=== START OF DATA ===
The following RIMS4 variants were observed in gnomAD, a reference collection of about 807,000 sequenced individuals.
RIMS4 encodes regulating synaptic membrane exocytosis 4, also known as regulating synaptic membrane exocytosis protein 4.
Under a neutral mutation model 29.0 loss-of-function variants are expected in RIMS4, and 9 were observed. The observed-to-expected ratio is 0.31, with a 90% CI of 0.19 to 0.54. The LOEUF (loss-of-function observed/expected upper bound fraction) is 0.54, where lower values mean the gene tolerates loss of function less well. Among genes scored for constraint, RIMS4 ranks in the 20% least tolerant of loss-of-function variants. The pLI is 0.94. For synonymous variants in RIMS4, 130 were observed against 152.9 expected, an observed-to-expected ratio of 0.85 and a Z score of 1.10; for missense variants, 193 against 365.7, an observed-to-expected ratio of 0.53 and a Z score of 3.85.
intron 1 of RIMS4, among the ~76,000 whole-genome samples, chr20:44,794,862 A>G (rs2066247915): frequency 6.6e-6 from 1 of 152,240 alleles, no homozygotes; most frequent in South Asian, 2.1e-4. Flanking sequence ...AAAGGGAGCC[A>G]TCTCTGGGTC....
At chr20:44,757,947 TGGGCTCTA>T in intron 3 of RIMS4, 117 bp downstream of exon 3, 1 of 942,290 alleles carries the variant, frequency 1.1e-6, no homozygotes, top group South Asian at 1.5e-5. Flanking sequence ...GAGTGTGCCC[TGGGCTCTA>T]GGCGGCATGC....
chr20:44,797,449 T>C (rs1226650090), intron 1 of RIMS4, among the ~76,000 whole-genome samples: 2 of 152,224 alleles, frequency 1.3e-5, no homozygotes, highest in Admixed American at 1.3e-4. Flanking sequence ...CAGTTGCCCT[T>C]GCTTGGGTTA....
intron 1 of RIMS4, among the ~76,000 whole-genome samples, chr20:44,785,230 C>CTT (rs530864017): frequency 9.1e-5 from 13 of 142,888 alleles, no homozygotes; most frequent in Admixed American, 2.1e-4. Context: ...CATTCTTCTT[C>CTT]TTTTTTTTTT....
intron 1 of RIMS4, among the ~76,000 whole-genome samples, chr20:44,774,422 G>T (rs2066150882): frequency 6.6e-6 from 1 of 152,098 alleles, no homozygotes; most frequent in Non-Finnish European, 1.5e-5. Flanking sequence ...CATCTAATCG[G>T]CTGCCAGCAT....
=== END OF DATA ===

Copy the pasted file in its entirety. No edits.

The following RIMS4 variants were observed in gnomAD, a reference collection of about 807,000 sequenced individuals.
RIMS4 encodes regulating synaptic membrane exocytosis 4, also known as regulating synaptic membrane exocytosis protein 4.
Under a neutral mutation model 29.0 loss-of-function variants are expected in RIMS4, and 9 were observed. The observed-to-expected ratio is 0.31, with a 90% CI of 0.19 to 0.54. The LOEUF (loss-of-function observed/expected upper bound fraction) is 0.54, where lower values mean the gene tolerates loss of function less well. Among genes scored for constraint, RIMS4 ranks in the 20% least tolerant of loss-of-function variants. The pLI is 0.94. For synonymous variants in RIMS4, 130 were observed against 152.9 expected, an observed-to-expected ratio of 0.85 and a Z score of 1.10; for missense variants, 193 against 365.7, an observed-to-expected ratio of 0.53 and a Z score of 3.85.
intron 1 of RIMS4, among the ~76,000 whole-genome samples, chr20:44,794,862 A>G (rs2066247915): frequency 6.6e-6 from 1 of 152,240 alleles, no homozygotes; most frequent in South Asian, 2.1e-4. Flanking sequence ...AAAGGGAGCC[A>G]TCTCTGGGTC....
At chr20:44,757,947 TGGGCTCTA>T in intron 3 of RIMS4, 117 bp downstream of exon 3, 1 of 942,290 alleles carries the variant, frequency 1.1e-6, no homozygotes, top group South Asian at 1.5e-5. Flanking sequence ...GAGTGTGCCC[TGGGCTCTA>T]GGCGGCATGC....
chr20:44,797,449 T>C (rs1226650090), intron 1 of RIMS4, among the ~76,000 whole-genome samples: 2 of 152,224 alleles, frequency 1.3e-5, no homozygotes, highest in Admixed American at 1.3e-4. Flanking sequence ...CAGTTGCCCT[T>C]GCTTGGGTTA....
intron 1 of RIMS4, among the ~76,000 whole-genome samples, chr20:44,785,230 C>CTT (rs530864017): frequency 9.1e-5 from 13 of 142,888 alleles, no homozygotes; most frequent in Admixed American, 2.1e-4. Context: ...CATTCTTCTT[C>CTT]TTTTTTTTTT....
intron 1 of RIMS4, among the ~76,000 whole-genome samples, chr20:44,774,422 G>T (rs2066150882): frequency 6.6e-6 from 1 of 152,098 alleles, no homozygotes; most frequent in Non-Finnish European, 1.5e-5. Flanking sequence ...CATCTAATCG[G>T]CTGCCAGCAT....